Haitian Building at the WCE, 1893
The whiteness of the White City became increasingly offensive to African Americans as plans for the fair unfolded. In response to the determination of African Americans to show the world their accomplishments since emancipation, exposition directors insisted that African American proposals for exhibits be approved by all-white state committees. Most such requests were rejected out of hand. In response to requests from African Americans that they receive a role in planning the fair, exposition authorities appointed a St. Louis school principal to the position of alternate on the national commission. Enraged by the politics of exclusion and tokenism, some African Americans, led by Ida B. Wells, urged African Americans to boycott the fair. Frederick Douglass, who served as Haiti's representative at the exposition, disagreed and urged African Americans to participate as fully as possible. When exposition managers set aside a special “colored American” day (white ethnic groups had their own days as well), Douglass seized the occasion to insist that Americans live up to the Constitution and their promises of social justice for former slaves. But the fair, through its racist policies, had already helped pave the way for national acceptance of the separate-but-equal doctrine that would become the law of the land in 1896.

Postcard of Woman's Building, 1893
Since the act of Congress that originally awarded Chicago the fair mandated that a Board of Lady Managers be created as part of the exposition's governing structure, it was clear that white middle-class women would have more success than African Americans in securing measure of representation at the fair. But it was not clear how women would be represented. Some women argued that exhibits prepared by women should be displayed in the major exhibition palaces alongside those organized by men and judged accordingly. Others pressed and won their case that women should have a separate building for their exhibits. Bertha Honoré Palmer, president of the Board of Lady Managers, lent her considerable talents to organizing exhibits for the Woman's Building, which was designed by Boston architect Sophia Hayden and located near the point where the Midway Plaisance joined the main exposition grounds.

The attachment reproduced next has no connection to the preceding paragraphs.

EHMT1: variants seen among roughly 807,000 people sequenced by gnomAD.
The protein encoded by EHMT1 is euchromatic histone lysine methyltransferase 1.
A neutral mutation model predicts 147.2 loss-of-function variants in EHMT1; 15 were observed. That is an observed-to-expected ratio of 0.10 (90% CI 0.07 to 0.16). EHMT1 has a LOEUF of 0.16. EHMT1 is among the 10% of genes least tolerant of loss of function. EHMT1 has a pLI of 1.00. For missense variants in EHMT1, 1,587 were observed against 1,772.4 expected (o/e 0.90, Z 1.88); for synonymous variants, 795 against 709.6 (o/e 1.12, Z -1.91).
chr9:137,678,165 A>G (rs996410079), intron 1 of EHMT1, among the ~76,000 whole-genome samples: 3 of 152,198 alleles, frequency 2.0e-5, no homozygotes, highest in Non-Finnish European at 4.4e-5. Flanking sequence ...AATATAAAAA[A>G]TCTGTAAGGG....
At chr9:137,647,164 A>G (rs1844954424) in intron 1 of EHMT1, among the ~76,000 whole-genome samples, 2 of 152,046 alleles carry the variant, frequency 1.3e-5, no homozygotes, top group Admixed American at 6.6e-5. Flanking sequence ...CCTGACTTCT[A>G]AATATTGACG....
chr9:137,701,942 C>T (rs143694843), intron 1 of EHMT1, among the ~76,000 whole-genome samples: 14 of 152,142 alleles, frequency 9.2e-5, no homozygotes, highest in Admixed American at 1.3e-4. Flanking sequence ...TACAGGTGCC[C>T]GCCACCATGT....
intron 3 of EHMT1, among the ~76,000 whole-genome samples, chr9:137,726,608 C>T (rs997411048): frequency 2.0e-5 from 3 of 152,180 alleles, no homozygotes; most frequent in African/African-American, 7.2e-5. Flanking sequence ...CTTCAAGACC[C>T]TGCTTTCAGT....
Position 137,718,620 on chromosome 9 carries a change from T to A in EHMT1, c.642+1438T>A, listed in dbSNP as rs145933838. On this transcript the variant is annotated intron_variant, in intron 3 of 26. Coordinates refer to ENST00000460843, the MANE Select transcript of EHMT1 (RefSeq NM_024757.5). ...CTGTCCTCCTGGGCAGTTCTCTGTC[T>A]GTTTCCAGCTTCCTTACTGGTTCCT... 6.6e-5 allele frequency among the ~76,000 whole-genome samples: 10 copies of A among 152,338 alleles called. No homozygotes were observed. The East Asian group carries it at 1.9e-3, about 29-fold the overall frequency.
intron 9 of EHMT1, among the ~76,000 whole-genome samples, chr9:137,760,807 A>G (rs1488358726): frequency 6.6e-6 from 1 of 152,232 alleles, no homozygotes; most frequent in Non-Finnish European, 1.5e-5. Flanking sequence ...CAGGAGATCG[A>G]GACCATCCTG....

Art Institute of Chicago, c.1904-1913
The World's Columbian Exposition defined American culture. Its World's Congress Auxiliary presented lectures and discussions by prominent political activists and intellectuals about subjects as wide-ranging and pressing as religion and science, labor, and women's rights. Historian Frederick Jackson Turner gave his famous paper on the significance of the frontier in American history to a meeting of historians held in conjunction with the fair. Henry Ford saw an internal combustion engine at the fair that fired his dreams about the possibility of designing a horseless carriage. For millions of visitors, the electrical illuminations of the fair were a source of wonder and excitement about the possibilities of illuminating America's farms and cities. Whether they saw the fair firsthand or experienced it through postcards or accounts in newspapers and magazines, most Americans regarded the World's Columbian Exposition as a cultural touchstone and remembered it for the rest of their lives.

Multiple tragedies marked the end of the fair. A smallpox epidemic that originated at the fair in midsummer spread throughout the city by early autumn. Then, just before the gala closing ceremonies were to be held, Mayor Carter Harrison was assassinated. Finally, shortly after the fair's close, a fire swept through the fairgrounds, destroying many of the buildings.

Ruins of World's Fair Building, 1894
The fair was gone, but not its influence. It lifted the spirits of over 20 million people who paid to visit the exposition just as the Panic of 1893 hit. Furthermore, many of the exhibits found their way into museums around the country, including the Smithsonian Institution and the Philadelphia Commercial Museum. Chicago's Field Museum owed its origin to the fair and opened in 1894 in the former Palace of Fine Arts, a building that would later be reconstructed to become the Museum of Science and Industry. And the building that had housed delegates to world's congresses would become the Art Institute of Chicago. On another level, the triumph of the World's Columbian Exposition revivified the American world's fair movement and set a standard against which every subsequent exposition would be measured. Forty years later, the promoters of the Century of Progress Exposition made clear their indebtedness to the 1893 fair when they triggered the opening of their exposition with a beam of starlight that left Arcturus the same year that the World's Columbian Exposition had illuminated Chicago's skies.

Bibliography
Badger, Reid. The Great American Fair: The World's Columbian Exposition and American Culture. 1979.
Harris, Neil, Wim de Wit, James Gilbert, and Robert Rydell. Grand Illusions: Chicago's World's Fair of 1893. 1993.
Rydell, Robert W. All the World's a Fair: Visions of Empire at America's International Expositions, 1876–1916. 1984.